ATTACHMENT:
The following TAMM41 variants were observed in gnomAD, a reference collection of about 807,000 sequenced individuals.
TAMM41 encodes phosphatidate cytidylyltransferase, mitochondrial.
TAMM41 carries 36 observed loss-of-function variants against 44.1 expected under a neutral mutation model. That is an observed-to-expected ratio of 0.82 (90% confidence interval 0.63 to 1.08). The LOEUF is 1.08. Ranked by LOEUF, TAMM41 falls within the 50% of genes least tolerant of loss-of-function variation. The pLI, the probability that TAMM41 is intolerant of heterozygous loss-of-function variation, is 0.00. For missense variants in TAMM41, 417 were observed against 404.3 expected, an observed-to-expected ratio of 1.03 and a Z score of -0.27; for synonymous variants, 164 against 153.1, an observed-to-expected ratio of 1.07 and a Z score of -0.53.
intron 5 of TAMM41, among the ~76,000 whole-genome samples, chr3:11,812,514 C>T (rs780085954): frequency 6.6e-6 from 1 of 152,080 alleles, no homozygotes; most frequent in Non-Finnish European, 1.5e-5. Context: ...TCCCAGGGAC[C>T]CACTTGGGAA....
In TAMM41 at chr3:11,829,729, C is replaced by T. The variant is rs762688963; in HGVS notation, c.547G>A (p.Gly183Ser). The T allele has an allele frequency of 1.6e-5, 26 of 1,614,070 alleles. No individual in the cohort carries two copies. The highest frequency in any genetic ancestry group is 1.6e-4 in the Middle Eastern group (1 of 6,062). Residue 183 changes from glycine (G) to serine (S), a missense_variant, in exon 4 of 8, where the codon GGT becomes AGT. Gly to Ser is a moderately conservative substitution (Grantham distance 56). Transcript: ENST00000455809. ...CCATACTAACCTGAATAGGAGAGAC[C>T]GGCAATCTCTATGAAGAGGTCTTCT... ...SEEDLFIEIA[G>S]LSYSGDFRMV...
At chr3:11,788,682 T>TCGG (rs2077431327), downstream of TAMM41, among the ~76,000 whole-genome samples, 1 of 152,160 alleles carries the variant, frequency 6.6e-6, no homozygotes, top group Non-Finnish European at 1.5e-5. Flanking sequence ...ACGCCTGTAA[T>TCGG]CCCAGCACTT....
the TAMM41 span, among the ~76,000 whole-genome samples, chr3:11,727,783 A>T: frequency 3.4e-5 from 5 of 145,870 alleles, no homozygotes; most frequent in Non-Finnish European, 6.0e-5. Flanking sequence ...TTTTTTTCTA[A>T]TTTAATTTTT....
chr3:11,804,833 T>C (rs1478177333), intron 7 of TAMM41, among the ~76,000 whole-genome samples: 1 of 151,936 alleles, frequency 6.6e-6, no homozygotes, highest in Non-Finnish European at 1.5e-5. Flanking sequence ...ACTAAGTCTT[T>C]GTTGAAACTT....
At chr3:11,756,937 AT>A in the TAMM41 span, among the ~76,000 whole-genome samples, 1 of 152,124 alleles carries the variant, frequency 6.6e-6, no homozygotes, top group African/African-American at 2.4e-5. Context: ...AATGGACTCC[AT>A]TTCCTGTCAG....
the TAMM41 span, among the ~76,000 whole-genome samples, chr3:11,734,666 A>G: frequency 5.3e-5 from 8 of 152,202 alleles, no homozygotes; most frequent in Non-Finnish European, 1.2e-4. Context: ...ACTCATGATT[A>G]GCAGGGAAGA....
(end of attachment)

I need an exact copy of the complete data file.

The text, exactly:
The following TAMM41 variants were observed in gnomAD, a reference collection of about 807,000 sequenced individuals.
TAMM41 encodes phosphatidate cytidylyltransferase, mitochondrial.
TAMM41 carries 36 observed loss-of-function variants against 44.1 expected under a neutral mutation model. That is an observed-to-expected ratio of 0.82 (90% confidence interval 0.63 to 1.08). The LOEUF is 1.08. Ranked by LOEUF, TAMM41 falls within the 50% of genes least tolerant of loss-of-function variation. The pLI, the probability that TAMM41 is intolerant of heterozygous loss-of-function variation, is 0.00. For missense variants in TAMM41, 417 were observed against 404.3 expected, an observed-to-expected ratio of 1.03 and a Z score of -0.27; for synonymous variants, 164 against 153.1, an observed-to-expected ratio of 1.07 and a Z score of -0.53.
intron 5 of TAMM41, among the ~76,000 whole-genome samples, chr3:11,812,514 C>T (rs780085954): frequency 6.6e-6 from 1 of 152,080 alleles, no homozygotes; most frequent in Non-Finnish European, 1.5e-5. Context: ...TCCCAGGGAC[C>T]CACTTGGGAA....
In TAMM41 at chr3:11,829,729, C is replaced by T. The variant is rs762688963; in HGVS notation, c.547G>A (p.Gly183Ser). The T allele has an allele frequency of 1.6e-5, 26 of 1,614,070 alleles. No individual in the cohort carries two copies. The highest frequency in any genetic ancestry group is 1.6e-4 in the Middle Eastern group (1 of 6,062). Residue 183 changes from glycine (G) to serine (S), a missense_variant, in exon 4 of 8, where the codon GGT becomes AGT. Gly to Ser is a moderately conservative substitution (Grantham distance 56). Transcript: ENST00000455809. ...CCATACTAACCTGAATAGGAGAGAC[C>T]GGCAATCTCTATGAAGAGGTCTTCT... ...SEEDLFIEIA[G>S]LSYSGDFRMV...
At chr3:11,788,682 T>TCGG (rs2077431327), downstream of TAMM41, among the ~76,000 whole-genome samples, 1 of 152,160 alleles carries the variant, frequency 6.6e-6, no homozygotes, top group Non-Finnish European at 1.5e-5. Flanking sequence ...ACGCCTGTAA[T>TCGG]CCCAGCACTT....
the TAMM41 span, among the ~76,000 whole-genome samples, chr3:11,727,783 A>T: frequency 3.4e-5 from 5 of 145,870 alleles, no homozygotes; most frequent in Non-Finnish European, 6.0e-5. Flanking sequence ...TTTTTTTCTA[A>T]TTTAATTTTT....
chr3:11,804,833 T>C (rs1478177333), intron 7 of TAMM41, among the ~76,000 whole-genome samples: 1 of 151,936 alleles, frequency 6.6e-6, no homozygotes, highest in Non-Finnish European at 1.5e-5. Flanking sequence ...ACTAAGTCTT[T>C]GTTGAAACTT....
At chr3:11,756,937 AT>A in the TAMM41 span, among the ~76,000 whole-genome samples, 1 of 152,124 alleles carries the variant, frequency 6.6e-6, no homozygotes, top group African/African-American at 2.4e-5. Context: ...AATGGACTCC[AT>A]TTCCTGTCAG....
the TAMM41 span, among the ~76,000 whole-genome samples, chr3:11,734,666 A>G: frequency 5.3e-5 from 8 of 152,202 alleles, no homozygotes; most frequent in Non-Finnish European, 1.2e-4. Context: ...ACTCATGATT[A>G]GCAGGGAAGA....